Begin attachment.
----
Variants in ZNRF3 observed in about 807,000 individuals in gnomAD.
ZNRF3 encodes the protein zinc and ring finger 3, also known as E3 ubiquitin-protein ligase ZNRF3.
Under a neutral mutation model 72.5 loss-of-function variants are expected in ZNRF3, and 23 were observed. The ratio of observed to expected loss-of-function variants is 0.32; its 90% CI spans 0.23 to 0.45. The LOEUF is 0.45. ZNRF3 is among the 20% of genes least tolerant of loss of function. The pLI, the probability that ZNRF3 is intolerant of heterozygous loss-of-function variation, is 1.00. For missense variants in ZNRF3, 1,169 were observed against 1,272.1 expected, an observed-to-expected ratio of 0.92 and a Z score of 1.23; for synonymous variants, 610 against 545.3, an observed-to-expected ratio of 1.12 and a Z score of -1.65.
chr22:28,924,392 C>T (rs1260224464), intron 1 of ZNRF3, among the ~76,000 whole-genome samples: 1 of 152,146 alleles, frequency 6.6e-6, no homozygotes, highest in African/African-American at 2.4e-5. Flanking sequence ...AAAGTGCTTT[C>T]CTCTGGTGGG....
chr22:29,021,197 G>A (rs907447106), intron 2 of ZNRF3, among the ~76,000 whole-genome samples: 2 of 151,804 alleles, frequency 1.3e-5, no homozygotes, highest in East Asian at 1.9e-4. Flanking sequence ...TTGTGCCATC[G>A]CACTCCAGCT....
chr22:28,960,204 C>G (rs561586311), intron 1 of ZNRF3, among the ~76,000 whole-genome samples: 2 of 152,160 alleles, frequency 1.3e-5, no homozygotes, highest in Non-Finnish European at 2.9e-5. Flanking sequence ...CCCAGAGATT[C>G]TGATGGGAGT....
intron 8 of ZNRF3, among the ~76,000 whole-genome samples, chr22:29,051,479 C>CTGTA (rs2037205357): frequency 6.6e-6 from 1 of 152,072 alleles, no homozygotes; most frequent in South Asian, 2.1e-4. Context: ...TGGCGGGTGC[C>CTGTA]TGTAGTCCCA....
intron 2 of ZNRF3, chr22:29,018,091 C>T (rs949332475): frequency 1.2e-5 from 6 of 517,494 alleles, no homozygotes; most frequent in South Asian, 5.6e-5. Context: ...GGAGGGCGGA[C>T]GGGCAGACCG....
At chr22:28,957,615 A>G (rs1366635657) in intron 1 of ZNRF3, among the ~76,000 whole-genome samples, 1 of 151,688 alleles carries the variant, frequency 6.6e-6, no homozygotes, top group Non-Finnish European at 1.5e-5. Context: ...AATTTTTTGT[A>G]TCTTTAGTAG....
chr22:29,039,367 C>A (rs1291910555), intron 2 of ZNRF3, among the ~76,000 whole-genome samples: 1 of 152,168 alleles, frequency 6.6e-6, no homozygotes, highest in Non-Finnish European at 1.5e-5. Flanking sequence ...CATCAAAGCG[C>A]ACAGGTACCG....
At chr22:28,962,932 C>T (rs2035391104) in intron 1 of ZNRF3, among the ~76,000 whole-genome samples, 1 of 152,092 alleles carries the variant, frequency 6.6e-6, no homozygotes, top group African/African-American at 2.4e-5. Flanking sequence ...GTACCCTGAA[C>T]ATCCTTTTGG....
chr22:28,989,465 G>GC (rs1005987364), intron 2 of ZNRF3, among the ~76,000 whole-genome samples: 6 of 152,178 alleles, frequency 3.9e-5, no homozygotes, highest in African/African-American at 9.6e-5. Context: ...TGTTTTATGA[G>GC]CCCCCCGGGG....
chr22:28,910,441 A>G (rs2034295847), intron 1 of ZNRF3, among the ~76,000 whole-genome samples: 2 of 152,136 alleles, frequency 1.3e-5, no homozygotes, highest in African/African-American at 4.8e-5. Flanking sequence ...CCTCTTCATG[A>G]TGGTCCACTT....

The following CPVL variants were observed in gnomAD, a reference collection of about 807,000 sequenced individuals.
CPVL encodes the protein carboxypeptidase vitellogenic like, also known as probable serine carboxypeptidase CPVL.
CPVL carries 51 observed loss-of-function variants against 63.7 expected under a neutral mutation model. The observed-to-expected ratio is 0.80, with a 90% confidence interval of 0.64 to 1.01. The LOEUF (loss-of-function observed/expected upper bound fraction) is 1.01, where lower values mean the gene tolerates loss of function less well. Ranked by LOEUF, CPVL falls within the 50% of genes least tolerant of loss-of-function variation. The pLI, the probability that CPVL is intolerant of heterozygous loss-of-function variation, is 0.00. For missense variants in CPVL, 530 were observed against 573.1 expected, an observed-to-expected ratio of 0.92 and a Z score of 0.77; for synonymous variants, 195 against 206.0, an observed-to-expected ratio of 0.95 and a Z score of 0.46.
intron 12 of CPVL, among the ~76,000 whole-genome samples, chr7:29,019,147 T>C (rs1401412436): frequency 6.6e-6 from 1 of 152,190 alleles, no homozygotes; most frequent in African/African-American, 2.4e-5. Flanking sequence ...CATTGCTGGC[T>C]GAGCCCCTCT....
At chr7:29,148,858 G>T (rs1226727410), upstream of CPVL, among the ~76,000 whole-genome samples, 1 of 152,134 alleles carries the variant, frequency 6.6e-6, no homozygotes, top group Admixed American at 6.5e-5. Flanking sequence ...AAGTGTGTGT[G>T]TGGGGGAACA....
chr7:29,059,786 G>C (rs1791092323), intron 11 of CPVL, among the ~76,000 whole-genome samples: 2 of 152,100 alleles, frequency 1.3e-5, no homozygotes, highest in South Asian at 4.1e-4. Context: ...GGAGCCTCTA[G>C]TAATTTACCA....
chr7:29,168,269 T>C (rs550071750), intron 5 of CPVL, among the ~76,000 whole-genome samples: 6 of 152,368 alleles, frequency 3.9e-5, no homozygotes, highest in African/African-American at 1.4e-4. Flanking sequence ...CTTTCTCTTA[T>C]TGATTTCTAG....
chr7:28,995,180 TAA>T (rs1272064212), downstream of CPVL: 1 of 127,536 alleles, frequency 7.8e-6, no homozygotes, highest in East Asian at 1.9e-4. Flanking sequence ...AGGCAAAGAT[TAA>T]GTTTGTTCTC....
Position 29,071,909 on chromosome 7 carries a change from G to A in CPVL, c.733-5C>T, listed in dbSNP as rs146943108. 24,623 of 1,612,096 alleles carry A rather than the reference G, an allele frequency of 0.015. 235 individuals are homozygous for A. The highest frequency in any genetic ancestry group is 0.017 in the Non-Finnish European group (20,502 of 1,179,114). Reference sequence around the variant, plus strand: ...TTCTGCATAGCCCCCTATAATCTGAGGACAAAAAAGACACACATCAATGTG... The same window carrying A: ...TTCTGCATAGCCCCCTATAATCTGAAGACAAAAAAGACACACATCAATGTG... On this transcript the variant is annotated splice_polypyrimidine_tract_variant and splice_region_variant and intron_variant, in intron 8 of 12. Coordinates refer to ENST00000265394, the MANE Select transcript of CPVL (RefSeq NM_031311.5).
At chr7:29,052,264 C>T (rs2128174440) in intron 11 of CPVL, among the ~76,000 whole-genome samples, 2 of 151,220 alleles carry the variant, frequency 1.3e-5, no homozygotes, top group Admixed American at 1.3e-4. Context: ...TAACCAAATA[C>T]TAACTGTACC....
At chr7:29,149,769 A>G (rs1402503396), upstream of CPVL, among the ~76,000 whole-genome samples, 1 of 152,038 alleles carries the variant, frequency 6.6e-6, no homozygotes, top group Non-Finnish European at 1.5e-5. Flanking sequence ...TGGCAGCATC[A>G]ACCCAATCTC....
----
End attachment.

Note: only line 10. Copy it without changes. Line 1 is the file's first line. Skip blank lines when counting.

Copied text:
chr22:29,039,367 C>A (rs1291910555), intron 2 of ZNRF3, among the ~76,000 whole-genome samples: 1 of 152,168 alleles, frequency 6.6e-6, no homozygotes, highest in Non-Finnish European at 1.5e-5. Flanking sequence ...CATCAAAGCG[C>A]ACAGGTACCG....